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Technology transfers, foreign investment and productivity spillovers: evidence from Vietnam

Author

Listed:
  • Carol Newman

    () (Institute for International Integration Studies, Trinity College Dublin and Department of Economics, Trinity College Dublin)

  • John Rand

    () (Department of Food and Resource Economics, University of Copenhagen)

  • Theodore Talbot

    () (Department of Economics, University of Copenhagen)

  • Finn Tarp

    () (UNU-WIDER, Helsinki and Department of Economics, University of Copenhagen)

Abstract

This paper provides new evidence on the relationship between foreign direct investment (FDI) and the productivity of domestic firms. Using a specially designed survey on a sample of over 7,500 manufacturing firms in Vietnam we uncover some of the mechanisms that explain productivity spillovers from FDI through vertical linkages along the supply chain. Our results suggest that domestic firms experience more productivity spillovers through forward linkages from foreign-input suppliers to domestic input users than through backward linkages from foreign customers to domestic producers of inputs. Productivity externalities from upstream sectors are associated with joint venture foreign investors while downstream sectors experience direct technology transfers from upstream wholly foreign owned investors. Spillovers from FDI through backward linkages are also detected but only when competition from imported intermediates is controlled for and are associated with innovations and technology investments made by firms.

Suggested Citation

  • Carol Newman & John Rand & Theodore Talbot & Finn Tarp, 2014. "Technology transfers, foreign investment and productivity spillovers: evidence from Vietnam," The Institute for International Integration Studies Discussion Paper Series iiisdp440, IIIS.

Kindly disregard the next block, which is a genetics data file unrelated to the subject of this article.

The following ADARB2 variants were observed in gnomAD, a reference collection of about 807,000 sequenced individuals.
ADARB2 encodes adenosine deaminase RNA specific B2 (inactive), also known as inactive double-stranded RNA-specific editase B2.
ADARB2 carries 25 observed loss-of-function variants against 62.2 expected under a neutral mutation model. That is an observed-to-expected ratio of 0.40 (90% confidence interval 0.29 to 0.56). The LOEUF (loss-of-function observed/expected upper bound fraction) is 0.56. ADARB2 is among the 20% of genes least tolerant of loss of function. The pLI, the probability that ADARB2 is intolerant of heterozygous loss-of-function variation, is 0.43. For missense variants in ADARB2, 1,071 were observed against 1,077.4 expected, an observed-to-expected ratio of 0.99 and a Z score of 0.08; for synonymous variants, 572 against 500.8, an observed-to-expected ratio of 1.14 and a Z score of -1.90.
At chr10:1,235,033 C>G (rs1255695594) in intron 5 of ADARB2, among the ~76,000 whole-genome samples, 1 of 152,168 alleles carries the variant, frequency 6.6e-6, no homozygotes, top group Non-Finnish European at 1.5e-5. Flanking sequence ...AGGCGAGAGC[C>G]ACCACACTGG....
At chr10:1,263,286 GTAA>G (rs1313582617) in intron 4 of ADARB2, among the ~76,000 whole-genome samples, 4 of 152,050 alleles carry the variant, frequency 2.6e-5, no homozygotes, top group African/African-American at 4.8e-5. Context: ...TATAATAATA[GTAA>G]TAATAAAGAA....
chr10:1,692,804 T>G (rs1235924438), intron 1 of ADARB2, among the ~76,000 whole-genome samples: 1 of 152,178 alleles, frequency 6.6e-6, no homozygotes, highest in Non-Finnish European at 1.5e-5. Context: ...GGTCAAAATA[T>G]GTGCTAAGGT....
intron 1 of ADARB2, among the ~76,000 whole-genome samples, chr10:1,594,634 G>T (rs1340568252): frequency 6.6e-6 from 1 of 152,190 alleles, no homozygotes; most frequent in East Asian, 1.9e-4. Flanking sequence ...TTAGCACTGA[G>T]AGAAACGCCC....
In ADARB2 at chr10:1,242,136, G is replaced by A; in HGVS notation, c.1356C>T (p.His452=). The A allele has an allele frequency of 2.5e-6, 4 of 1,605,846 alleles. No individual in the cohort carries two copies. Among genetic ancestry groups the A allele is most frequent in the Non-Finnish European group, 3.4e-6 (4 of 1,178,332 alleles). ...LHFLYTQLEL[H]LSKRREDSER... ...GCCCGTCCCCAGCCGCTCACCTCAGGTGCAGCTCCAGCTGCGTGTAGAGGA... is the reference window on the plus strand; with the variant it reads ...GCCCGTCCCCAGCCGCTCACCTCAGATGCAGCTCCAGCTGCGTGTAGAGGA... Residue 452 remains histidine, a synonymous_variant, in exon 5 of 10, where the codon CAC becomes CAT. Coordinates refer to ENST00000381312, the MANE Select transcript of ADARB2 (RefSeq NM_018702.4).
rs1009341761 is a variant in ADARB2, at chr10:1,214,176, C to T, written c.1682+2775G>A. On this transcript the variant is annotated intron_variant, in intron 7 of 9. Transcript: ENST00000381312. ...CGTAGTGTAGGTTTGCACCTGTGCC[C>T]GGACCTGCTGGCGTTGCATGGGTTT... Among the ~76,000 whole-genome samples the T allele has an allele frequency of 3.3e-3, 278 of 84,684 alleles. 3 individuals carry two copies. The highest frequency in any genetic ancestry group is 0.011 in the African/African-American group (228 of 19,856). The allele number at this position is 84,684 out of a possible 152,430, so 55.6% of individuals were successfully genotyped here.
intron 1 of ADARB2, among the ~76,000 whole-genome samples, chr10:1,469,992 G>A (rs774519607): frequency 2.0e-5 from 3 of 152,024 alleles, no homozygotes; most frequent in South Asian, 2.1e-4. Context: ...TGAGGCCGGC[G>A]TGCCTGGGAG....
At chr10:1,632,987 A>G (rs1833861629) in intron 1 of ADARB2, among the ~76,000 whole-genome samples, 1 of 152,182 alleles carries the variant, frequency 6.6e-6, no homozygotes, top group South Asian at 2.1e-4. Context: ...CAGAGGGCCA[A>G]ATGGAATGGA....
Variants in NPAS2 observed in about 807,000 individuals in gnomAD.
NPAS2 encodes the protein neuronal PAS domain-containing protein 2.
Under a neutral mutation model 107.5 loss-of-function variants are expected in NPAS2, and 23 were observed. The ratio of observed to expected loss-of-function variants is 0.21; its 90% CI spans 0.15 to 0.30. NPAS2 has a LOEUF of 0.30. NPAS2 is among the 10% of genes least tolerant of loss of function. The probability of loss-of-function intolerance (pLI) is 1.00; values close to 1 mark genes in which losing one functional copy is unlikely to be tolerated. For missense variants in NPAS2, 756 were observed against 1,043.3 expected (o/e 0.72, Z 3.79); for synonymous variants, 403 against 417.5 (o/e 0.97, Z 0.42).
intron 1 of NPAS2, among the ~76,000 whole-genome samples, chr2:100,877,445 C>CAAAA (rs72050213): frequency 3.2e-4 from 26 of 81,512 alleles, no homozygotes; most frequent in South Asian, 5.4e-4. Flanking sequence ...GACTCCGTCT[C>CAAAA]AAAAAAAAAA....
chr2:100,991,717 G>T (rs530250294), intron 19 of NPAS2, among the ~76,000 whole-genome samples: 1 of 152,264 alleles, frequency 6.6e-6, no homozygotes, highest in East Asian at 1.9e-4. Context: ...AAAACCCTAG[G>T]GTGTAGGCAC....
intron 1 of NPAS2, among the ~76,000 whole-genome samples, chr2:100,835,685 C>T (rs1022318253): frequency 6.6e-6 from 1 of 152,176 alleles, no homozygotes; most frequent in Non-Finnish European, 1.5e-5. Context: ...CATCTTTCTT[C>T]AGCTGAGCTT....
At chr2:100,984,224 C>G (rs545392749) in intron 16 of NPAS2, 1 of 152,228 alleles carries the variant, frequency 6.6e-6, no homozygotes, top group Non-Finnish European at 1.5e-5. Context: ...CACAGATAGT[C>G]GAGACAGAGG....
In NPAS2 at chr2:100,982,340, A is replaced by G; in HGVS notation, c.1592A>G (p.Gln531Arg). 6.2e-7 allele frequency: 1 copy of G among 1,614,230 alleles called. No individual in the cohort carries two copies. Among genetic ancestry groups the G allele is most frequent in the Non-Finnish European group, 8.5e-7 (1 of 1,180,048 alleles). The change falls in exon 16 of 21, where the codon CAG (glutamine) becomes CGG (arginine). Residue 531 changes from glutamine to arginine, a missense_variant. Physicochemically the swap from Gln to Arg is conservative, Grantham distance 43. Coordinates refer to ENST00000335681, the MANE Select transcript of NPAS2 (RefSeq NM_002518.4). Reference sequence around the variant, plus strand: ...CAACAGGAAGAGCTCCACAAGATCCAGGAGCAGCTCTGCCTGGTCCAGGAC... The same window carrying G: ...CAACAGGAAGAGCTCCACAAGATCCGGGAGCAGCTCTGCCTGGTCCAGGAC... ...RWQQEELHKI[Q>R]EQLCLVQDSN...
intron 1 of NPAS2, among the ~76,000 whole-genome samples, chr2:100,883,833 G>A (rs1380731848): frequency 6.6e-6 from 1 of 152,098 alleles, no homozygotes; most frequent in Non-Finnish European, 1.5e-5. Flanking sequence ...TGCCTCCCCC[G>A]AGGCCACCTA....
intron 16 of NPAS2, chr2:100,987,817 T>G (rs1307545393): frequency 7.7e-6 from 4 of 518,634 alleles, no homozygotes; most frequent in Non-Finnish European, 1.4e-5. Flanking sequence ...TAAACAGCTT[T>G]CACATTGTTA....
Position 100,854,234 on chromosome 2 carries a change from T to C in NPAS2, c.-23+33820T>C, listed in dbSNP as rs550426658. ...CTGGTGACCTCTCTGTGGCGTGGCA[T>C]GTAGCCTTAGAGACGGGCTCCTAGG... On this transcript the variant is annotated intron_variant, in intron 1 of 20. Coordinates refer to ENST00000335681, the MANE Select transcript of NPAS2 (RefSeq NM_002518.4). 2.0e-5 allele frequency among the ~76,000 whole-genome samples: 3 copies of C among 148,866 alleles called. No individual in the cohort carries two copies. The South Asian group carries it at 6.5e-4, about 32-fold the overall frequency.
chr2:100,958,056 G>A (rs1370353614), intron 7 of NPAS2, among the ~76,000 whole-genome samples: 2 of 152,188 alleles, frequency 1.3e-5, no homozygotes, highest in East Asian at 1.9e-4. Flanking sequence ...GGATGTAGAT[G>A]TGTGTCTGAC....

• Handle: RePEc:iis:dispap:iiisdp440
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    References listed on IDEAS

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    More about this item

    Keywords

    Foreign direct investment; productivity spillovers; technology transfers; absorptive capacity; Vietnam;

    JEL classification:

    • D22 - Microeconomics - - Production and Organizations - - - Firm Behavior: Empirical Analysis
    • F21 - International Economics - - International Factor Movements and International Business - - - International Investment; Long-Term Capital Movements
    • O12 - Economic Development, Innovation, Technological Change, and Growth - - Economic Development - - - Microeconomic Analyses of Economic Development
    • O3 - Economic Development, Innovation, Technological Change, and Growth - - Innovation; Research and Development; Technological Change; Intellectual Property Rights

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